Farm Secretary Charlie McConalogue did little to allay concerns that funding for farmers on the first day of the National Plowing Championships could be squeezed in next week’s budget.
Despite the minister’s days-long presence at the event in Ratheniska, Co. Laois, he remained withdrawn when asked whether farmers should be concerned about the reintroduction of several key schemes, including the €40 million beef for human milk environmental efficiency scheme ( BEEP-S ) next year.
It comes amid reports of “tough talks” between ministries of agriculture, finance and public spending and reform, as the cost of living crisis continues to put pressure on budget priorities across sectors.
Farmers’ officials fear the government’s plans to help families with rising energy bills could face cuts in funding for key farmer support services.
Speaking to the Irish Independent, Minister McConalogue said BEEP-S, the Tillage Incentive Scheme and the Fodder Support Scheme remain “big priorities” in his budget commitments with Treasury Secretary Paschal Donohoe and Public Expenditure Secretary Michael McGrath.
“How we support families over the next year is very important to these considerations, we haven’t finalized the budget yet and that depends a lot on the mix. . . The negotiations will be a challenge for all ministers.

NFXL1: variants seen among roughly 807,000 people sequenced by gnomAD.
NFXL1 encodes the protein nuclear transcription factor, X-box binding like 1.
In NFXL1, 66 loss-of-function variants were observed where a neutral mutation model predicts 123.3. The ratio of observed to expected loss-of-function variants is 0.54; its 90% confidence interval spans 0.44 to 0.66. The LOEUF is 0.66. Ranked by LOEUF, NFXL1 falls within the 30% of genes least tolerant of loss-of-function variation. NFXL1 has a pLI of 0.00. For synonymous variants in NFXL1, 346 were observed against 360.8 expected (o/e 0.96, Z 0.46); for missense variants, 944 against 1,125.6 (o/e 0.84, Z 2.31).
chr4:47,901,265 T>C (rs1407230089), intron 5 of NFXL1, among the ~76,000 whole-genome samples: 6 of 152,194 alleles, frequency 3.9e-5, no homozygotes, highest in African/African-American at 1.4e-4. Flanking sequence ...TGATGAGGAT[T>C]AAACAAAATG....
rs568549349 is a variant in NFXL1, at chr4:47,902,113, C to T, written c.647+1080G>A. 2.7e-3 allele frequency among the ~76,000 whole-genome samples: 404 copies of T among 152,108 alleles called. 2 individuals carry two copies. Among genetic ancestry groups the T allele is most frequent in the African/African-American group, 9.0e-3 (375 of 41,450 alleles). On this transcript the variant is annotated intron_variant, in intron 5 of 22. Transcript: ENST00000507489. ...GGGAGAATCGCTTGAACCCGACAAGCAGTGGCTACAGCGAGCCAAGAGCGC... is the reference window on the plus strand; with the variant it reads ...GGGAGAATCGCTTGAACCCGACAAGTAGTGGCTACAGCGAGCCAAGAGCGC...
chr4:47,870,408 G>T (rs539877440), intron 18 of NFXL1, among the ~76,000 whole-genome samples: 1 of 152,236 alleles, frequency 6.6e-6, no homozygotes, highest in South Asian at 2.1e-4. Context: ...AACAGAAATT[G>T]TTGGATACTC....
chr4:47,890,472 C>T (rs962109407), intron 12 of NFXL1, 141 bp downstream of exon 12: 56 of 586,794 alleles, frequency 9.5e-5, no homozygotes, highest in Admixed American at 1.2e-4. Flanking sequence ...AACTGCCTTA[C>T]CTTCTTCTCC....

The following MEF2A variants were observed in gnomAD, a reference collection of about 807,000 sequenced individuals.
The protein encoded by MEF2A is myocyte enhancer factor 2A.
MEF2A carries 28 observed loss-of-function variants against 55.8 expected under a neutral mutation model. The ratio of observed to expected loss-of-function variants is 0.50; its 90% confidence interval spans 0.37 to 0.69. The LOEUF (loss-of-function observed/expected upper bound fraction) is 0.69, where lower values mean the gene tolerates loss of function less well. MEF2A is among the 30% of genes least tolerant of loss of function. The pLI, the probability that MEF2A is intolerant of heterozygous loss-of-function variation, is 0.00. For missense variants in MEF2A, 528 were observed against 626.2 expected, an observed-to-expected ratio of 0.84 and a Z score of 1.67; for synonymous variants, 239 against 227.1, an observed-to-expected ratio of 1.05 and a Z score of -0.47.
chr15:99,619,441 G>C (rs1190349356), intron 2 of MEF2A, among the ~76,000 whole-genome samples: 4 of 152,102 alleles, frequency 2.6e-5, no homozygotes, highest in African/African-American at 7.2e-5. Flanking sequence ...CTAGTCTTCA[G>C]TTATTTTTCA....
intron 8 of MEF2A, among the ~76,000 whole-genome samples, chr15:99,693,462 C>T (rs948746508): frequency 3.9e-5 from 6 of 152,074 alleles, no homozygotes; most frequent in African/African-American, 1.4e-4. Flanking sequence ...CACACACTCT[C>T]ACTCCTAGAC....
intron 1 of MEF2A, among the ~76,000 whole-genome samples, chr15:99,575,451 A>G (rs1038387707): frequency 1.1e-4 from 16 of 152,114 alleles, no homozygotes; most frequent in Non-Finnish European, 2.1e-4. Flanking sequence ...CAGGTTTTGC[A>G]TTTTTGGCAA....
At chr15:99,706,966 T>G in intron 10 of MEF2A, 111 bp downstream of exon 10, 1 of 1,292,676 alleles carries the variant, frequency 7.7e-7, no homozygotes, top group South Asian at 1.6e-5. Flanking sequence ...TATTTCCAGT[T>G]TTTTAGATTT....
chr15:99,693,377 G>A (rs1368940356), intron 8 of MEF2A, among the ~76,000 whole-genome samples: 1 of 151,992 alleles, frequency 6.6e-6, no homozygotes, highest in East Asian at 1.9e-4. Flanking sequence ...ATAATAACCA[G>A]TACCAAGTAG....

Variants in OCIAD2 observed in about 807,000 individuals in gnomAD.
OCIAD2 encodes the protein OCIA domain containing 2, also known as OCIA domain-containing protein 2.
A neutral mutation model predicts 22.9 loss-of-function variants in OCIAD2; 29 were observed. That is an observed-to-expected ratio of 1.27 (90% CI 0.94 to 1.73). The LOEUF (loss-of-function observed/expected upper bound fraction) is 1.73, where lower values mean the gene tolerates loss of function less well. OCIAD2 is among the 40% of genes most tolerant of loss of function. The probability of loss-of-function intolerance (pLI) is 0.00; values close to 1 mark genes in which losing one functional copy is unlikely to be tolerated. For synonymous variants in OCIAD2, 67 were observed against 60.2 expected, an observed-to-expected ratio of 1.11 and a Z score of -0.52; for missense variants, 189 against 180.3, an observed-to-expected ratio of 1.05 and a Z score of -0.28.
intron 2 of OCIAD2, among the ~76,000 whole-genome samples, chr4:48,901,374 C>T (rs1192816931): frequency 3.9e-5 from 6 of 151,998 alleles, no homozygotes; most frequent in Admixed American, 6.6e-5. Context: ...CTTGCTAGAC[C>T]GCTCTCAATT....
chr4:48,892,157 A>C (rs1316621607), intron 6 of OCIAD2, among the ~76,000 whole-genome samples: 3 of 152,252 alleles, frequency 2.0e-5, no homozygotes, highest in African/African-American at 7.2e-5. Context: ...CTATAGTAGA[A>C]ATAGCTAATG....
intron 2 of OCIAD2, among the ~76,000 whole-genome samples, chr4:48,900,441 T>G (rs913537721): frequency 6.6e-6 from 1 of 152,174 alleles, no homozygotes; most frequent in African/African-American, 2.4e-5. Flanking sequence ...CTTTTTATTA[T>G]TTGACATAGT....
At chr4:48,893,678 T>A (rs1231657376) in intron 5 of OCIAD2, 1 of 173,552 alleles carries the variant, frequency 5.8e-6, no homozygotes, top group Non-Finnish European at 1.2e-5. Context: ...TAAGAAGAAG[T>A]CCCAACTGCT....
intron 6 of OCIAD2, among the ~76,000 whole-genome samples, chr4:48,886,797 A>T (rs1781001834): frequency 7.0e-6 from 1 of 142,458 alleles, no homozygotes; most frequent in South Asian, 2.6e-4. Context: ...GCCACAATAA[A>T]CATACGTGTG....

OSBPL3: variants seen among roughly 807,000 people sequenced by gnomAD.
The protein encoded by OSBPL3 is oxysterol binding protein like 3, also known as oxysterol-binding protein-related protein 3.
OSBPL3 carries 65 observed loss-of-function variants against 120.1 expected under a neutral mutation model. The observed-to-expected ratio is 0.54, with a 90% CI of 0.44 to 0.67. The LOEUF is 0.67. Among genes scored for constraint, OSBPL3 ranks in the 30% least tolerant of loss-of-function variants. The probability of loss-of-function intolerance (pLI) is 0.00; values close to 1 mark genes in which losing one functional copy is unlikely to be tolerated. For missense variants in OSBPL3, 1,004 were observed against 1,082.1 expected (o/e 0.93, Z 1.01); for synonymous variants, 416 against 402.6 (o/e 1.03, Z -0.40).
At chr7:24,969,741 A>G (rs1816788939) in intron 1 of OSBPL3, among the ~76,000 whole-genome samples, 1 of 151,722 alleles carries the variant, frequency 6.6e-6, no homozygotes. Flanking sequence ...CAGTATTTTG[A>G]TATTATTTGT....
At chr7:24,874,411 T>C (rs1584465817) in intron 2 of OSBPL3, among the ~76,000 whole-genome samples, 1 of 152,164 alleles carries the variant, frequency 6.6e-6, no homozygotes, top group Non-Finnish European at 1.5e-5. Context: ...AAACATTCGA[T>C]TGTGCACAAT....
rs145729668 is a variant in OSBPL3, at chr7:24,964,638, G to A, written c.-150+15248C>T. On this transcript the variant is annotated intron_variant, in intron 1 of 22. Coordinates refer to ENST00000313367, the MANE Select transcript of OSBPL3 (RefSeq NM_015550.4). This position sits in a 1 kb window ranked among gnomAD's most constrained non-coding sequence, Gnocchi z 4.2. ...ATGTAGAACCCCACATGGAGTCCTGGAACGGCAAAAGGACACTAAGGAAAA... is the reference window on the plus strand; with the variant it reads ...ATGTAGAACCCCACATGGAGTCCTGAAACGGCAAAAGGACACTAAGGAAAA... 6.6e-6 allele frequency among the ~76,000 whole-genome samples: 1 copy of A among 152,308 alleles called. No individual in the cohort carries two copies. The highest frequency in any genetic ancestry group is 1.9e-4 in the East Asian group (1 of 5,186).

“By budget day, until we’ve closed the deals and secured funding, nothing is guaranteed, but what I would say is that farmers shouldn’t worry that everything is being done to ensure they have support and that every effort is made in budget negotiations to achieve a good result.”
A spokesman for the IFA warned that a decision not to fully fund the BEEP-S, tillage scheme and forage support scheme would be “an extremely negative signal for government to send to farmers”.
“For cattle breeders in 2022 the state has supported them with around 80 million euros for suckler cows, under the new CAP this figure has dropped to 52 million euros, so we need the minister to approve the BEEP scheme, that’s an extra 40 million euros to bring support back to at least 2022 levels.”
Meanwhile, ICMSA President Pat McCormack said: “Farmers are worried about the budget”.
“Farmers feel that there has long been a disconnect from budget day, it needs to be a day when the government remembers the target they have set for us as a 25 per cent reduction in emissions.
“On environmental targets we are part of the future but we need help from the government – if help doesn’t come on Tuesday it will be a clear lack of recognition of the effectiveness of farming.”
https://www.independent.ie/business/farming/ploughing-championships/minister-remains-tight-lipped-on-farming-funding-in-budget-42005869.html The minister remains tense about the funding of agriculture in the budget